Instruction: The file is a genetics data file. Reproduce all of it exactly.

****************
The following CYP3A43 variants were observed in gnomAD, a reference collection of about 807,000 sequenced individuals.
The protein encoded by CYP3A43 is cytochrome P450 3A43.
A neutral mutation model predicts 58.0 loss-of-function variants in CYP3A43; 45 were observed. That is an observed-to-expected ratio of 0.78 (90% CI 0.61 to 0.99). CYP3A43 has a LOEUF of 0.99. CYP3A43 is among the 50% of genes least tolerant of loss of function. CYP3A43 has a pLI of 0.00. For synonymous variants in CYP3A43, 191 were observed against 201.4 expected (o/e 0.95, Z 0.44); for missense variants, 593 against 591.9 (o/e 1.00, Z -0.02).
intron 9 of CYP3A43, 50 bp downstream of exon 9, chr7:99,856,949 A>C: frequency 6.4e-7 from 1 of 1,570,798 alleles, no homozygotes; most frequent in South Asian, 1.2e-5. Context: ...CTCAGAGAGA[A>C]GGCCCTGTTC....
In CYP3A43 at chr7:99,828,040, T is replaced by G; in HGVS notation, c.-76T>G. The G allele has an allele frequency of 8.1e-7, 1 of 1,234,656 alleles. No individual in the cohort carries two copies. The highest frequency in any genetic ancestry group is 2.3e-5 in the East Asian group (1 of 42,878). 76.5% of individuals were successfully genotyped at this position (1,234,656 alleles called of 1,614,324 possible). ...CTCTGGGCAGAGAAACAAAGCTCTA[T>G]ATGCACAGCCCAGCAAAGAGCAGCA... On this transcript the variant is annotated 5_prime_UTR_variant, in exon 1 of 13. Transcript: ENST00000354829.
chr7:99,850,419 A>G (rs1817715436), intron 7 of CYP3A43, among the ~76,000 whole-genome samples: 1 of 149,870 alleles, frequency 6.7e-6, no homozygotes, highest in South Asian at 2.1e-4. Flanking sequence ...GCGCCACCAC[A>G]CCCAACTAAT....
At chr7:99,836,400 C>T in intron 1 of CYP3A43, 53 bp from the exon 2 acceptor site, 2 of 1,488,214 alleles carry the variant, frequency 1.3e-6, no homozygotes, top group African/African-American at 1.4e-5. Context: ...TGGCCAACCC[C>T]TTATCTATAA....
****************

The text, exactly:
The following CYP3A43 variants were observed in gnomAD, a reference collection of about 807,000 sequenced individuals.
The protein encoded by CYP3A43 is cytochrome P450 3A43.
A neutral mutation model predicts 58.0 loss-of-function variants in CYP3A43; 45 were observed. That is an observed-to-expected ratio of 0.78 (90% CI 0.61 to 0.99). CYP3A43 has a LOEUF of 0.99. CYP3A43 is among the 50% of genes least tolerant of loss of function. CYP3A43 has a pLI of 0.00. For synonymous variants in CYP3A43, 191 were observed against 201.4 expected (o/e 0.95, Z 0.44); for missense variants, 593 against 591.9 (o/e 1.00, Z -0.02).
intron 9 of CYP3A43, 50 bp downstream of exon 9, chr7:99,856,949 A>C: frequency 6.4e-7 from 1 of 1,570,798 alleles, no homozygotes; most frequent in South Asian, 1.2e-5. Context: ...CTCAGAGAGA[A>C]GGCCCTGTTC....
In CYP3A43 at chr7:99,828,040, T is replaced by G; in HGVS notation, c.-76T>G. The G allele has an allele frequency of 8.1e-7, 1 of 1,234,656 alleles. No individual in the cohort carries two copies. The highest frequency in any genetic ancestry group is 2.3e-5 in the East Asian group (1 of 42,878). 76.5% of individuals were successfully genotyped at this position (1,234,656 alleles called of 1,614,324 possible). ...CTCTGGGCAGAGAAACAAAGCTCTA[T>G]ATGCACAGCCCAGCAAAGAGCAGCA... On this transcript the variant is annotated 5_prime_UTR_variant, in exon 1 of 13. Transcript: ENST00000354829.
chr7:99,850,419 A>G (rs1817715436), intron 7 of CYP3A43, among the ~76,000 whole-genome samples: 1 of 149,870 alleles, frequency 6.7e-6, no homozygotes, highest in South Asian at 2.1e-4. Flanking sequence ...GCGCCACCAC[A>G]CCCAACTAAT....
At chr7:99,836,400 C>T in intron 1 of CYP3A43, 53 bp from the exon 2 acceptor site, 2 of 1,488,214 alleles carry the variant, frequency 1.3e-6, no homozygotes, top group African/African-American at 1.4e-5. Context: ...TGGCCAACCC[C>T]TTATCTATAA....